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Let’s talk fibres

Your brand connects with your customers in many different ways. Some call it touch points, but simply-put it’s all the varied ways someone will come across your brand in the mind, online and in print. We are tactile people, and online does lack that dimension. Print, however, opens up a whole Aladin’s cave of possibilities to elevate your brand beyond the purely visual. Let’s give it some texture…

What paper types are there?

Without going into every detail, broadly speaking there are these paper types, defined by the composition of their pulp and additives.

  • Recycled paper
  • Coated paper (matte, silk and gloss)
  • Uncoated paper
  • Bond paper
Luxury Vacations Branding

Recycled paper

Recycled paper is made from 60% to 100% recycled paper pulp. Paper pulp is mixed with water and blended until it breaks down. The individual fibres are bonded together again to make fresh paper materials. Producing around 100,000 sheets of paper requires around eight trees and 2,000Kwh of energy (which is roughly a carbon footprint of 6,000kg).

Paper can be recycled an average of eight times – pretty good going! Recycled paper is energy-efficient enough to reduce both your resource use and your carbon footprint.

There is a great range of papers out there now that fall into the recycled category and it’s an easy choice for brands focused on sustainability.


Coated papers

Gloss paper

There are two main types of coated paper which are basically opposites. Gloss paper has an incredibly high shine and a smooth, tactile feel. It’s a popular choice for leaflets and flyers because it enhances colours. Because it is used for direct mail, it can have the association with ‘junk mail’ and thus the perception can be that of ‘cheap’ rather than luxury. There’s also the issue of fingerprints on the shiny surface… That’s not to say you can’t create a mix of papers for a coffee table book that uses a particular finish on some sections and the gloss on others to work to their strengths.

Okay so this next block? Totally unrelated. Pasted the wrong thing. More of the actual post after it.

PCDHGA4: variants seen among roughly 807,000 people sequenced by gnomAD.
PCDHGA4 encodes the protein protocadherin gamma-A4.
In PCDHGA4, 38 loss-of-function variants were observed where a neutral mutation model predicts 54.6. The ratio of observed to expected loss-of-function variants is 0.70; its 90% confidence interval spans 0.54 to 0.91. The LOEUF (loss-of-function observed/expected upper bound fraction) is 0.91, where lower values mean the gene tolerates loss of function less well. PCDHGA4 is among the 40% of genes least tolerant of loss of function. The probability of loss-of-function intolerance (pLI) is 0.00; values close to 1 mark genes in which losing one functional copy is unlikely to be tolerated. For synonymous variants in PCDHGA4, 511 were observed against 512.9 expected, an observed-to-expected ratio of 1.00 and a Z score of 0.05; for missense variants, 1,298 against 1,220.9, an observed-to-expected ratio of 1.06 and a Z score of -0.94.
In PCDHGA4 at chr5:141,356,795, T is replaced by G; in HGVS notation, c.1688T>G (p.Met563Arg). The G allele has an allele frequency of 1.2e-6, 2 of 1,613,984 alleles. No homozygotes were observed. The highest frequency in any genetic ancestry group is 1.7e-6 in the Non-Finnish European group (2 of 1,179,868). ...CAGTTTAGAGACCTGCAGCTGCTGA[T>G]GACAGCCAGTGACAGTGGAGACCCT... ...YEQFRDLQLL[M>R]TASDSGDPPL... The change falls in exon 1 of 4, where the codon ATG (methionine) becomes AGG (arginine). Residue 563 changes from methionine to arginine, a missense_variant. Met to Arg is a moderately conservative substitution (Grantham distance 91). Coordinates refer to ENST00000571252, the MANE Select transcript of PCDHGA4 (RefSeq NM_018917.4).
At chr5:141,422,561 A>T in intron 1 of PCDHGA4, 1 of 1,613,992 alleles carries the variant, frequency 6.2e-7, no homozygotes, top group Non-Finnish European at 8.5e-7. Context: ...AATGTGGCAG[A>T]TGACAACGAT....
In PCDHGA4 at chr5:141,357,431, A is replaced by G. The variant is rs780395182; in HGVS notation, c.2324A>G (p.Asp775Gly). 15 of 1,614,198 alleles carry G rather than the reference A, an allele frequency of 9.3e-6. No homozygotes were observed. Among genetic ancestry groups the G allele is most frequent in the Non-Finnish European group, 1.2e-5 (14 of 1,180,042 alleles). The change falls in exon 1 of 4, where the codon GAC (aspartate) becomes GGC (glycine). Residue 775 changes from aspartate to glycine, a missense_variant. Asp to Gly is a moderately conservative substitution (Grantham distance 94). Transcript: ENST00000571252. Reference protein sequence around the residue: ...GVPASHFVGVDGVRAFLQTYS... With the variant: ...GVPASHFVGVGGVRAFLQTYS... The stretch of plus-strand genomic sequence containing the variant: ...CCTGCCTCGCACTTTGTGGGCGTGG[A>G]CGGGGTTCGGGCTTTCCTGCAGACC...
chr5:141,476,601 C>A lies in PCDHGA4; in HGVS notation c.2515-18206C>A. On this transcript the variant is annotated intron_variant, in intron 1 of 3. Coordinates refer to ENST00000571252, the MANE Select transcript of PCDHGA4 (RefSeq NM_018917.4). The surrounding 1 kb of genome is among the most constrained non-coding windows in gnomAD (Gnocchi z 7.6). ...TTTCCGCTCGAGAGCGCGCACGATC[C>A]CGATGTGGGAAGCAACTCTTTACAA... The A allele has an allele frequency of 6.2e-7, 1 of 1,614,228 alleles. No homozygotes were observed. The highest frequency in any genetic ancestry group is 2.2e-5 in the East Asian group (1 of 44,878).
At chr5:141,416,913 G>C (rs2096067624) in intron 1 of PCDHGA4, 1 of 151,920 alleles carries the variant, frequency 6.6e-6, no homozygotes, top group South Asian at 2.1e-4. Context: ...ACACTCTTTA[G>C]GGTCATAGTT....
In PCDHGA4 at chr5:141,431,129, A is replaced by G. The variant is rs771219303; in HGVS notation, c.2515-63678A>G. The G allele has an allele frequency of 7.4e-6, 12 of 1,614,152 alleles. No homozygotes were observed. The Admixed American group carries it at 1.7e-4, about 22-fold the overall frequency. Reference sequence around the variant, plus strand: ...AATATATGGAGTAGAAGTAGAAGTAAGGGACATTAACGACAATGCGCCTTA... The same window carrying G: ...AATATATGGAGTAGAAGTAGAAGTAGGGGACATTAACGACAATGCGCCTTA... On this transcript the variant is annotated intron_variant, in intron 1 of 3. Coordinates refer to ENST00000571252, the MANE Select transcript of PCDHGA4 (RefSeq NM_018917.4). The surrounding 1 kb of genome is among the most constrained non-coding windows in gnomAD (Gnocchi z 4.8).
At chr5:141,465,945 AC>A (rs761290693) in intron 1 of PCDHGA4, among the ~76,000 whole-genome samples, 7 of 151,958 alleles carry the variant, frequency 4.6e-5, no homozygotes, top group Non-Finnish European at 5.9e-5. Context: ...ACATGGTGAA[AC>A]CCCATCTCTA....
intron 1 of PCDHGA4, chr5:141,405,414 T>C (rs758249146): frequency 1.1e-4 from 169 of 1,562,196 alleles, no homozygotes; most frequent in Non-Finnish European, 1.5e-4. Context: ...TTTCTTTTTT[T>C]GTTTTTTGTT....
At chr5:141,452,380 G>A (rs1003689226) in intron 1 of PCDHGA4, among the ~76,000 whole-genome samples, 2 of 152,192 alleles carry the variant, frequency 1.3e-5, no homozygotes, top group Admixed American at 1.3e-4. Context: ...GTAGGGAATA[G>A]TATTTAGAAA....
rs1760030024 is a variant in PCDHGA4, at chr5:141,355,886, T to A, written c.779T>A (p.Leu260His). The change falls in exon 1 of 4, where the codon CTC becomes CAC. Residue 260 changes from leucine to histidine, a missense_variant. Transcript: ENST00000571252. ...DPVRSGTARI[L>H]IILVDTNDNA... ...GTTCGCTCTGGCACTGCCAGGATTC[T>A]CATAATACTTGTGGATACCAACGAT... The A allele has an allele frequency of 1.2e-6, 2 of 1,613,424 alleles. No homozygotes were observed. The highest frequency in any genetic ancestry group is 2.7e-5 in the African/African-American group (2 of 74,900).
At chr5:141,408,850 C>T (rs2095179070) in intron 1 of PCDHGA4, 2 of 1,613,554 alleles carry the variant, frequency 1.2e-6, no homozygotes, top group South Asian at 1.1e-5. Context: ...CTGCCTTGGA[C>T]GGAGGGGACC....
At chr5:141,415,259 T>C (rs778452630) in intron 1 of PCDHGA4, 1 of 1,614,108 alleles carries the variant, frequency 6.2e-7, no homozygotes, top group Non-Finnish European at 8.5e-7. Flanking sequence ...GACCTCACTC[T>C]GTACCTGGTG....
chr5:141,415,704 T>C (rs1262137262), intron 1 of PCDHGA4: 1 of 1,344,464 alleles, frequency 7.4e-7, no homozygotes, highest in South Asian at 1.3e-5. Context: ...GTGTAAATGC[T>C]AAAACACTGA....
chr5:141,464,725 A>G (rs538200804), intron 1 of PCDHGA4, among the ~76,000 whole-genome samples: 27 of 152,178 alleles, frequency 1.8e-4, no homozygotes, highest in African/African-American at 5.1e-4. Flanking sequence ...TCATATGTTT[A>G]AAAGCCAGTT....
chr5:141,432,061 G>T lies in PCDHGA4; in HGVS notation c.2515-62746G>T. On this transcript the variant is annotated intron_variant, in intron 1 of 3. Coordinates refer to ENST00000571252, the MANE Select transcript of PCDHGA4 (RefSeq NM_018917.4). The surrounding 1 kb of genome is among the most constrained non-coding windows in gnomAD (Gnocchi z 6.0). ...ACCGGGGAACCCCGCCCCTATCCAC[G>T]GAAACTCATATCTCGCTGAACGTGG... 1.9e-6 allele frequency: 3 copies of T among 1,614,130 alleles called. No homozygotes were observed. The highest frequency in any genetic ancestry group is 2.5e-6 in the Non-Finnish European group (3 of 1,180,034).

Matte paper

Matte coated paper has a muted surface that refracts light subtly and evenly, reducing any glare. It has a soft, textured feel to it and is easy to write on in contrast to gloss coated paper. Matte coated paper is very popular when used to create magazines, books and other larger copy-based print, as it isn’t so reflective. Matte is a great compromise if budget is an issue for your print work – most printers will have a house matte in stock and it works for digital and litho.

Silk paper

Silk coated paper is the basically between gloss and matte coated. With that, it has the smooth feel of glossy paper but it doesn’t have the shine. Silk is produced by binding silk fibres together, which gives it a great feel and has a brilliant ink to paper contrast. If you use it with an LED UV printing process, silk-coated paper gives you all the shine and vibrancy of colours you are used to from gloss, but without the glare. Silk paper has long becoming a favourite stock for premium brands along with matte and uncoated.

Uncoated Stock

Bond paper

Bond paper paper type you will mostly find in office stationery, envelop production and packaging. As it lacks a coating, it has the advantage of easily being used for office printers or being written on by pen.

Not having an extra coat makes it prone to damage by tears, scuffs and stains. But on the upside, it’s versatile and won’t fingerprint.

Birmingham Royal Ballet brochure design

Uncoated paper

Uncoated paper is similar to Bond paper and does not have a coating to fill in between the fibers. That makes it generally rougher compared to coated paper. Uncoated stock tends to be more porous, which makes it also more absorbent. This means that images printed on uncoated papers will be softer and less crisp, but if it fits with your brand values, that can be just the desired effect to be after. You can get amazing choices for textures and finishes. Something else to note is that you can’t UV varnish uncoated paper as it just ‘seeps in’ and disappears, but there are other ways to create the desired effect – with a clear foil for instance.

Paper samples and where to get them

It’s hard to imagine what a paper will actually feel and look like by its name or on the website of the paper mill alone.

Many printers will offer sample packs with printed options for their collection of papers. If you work with a design or branding agency (such as ours), we can organise samples for you for print brochures or stationery so you can be confident with your choice of papers for your brand.

You can also check out our list of paper suppliers in the UK.

Drop us a note if you’d like to chat more about this!

Regine Wilber

I am a brand consultant and conceptual designer. I love using creativity to solve problems for our clients. In my spare time, I like jigsaws and probably a bit of a board game geek. 

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